I need to understand the proof of $\sim\!\!(\forall x)A(x)\!\iff\!(\exists x)\sim \!\! A(x)$ in "A Transition to Advanced Mathematics: Edition 8" pg. 23 Theorem 1.3.1 a)

It states:

  1. Let $U$ be any universe (universe of discourse, the set of values being considered for $x$)
  2. The sentence $\sim\!\!(\forall x)A(x)$ is true in U
    • iff the truth set of $A(x)$ is not the universe
    • iff the truth set of $\sim A(x)$ is nonempty
    • iff $(\exists x)\sim \!\! A(x)$ is true in U

I couldn't rationalize how "iff the truth set of $\sim A(x)$ is nonempty" led to " iff $(\exists x)\sim \!\! A(x)$ is true in U". Couldn't we also say "iff $(\forall x)\sim \!\! A(x)$ is true in U"?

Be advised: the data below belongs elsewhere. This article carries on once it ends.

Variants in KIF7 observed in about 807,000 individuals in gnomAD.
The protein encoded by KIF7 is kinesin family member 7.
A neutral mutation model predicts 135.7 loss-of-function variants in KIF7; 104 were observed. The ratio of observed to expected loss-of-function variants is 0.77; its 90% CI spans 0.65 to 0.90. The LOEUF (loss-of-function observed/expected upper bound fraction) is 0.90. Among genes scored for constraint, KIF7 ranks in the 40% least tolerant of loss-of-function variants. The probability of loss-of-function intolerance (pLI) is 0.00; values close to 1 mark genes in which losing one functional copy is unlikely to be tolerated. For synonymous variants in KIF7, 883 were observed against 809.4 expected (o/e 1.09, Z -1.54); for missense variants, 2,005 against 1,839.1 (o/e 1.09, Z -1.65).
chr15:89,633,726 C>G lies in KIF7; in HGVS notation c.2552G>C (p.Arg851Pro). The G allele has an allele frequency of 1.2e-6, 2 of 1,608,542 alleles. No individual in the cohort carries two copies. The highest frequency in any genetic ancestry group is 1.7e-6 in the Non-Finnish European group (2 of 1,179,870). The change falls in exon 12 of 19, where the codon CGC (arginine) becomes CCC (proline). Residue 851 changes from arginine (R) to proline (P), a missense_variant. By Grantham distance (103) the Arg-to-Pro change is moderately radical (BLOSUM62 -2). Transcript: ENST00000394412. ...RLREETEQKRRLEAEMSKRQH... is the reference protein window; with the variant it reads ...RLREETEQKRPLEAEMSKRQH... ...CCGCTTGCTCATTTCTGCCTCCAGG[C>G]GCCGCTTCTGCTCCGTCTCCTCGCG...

Is there a better proof I can understand? So far I learned about negation, conjuctions, disjunctions, conditionals and biconditionals.

  • $\begingroup$ not all mammals are dogs is equivalent to there are mammals that are not dogs, not to all mammals are not dogs $\endgroup$ – J. W. Tanner Jan 20 at 16:29
  • $\begingroup$ btw, you can use \lnot for $\lnot$. $\endgroup$ – Dave Jan 20 at 16:43

$\lnot(∀x)A(x)$ means that in the "universe" $\text U$ not every object is an $A$.

In the "universe" $\mathbb N$ of natural numbers, not every number is even.

Thus, there is some object that is a not-$A$, i.e. $(∃x)\lnot A(x)$.

In $\mathbb N$ there are numbers that are not-even, i.e. odd.

And vice-versa.


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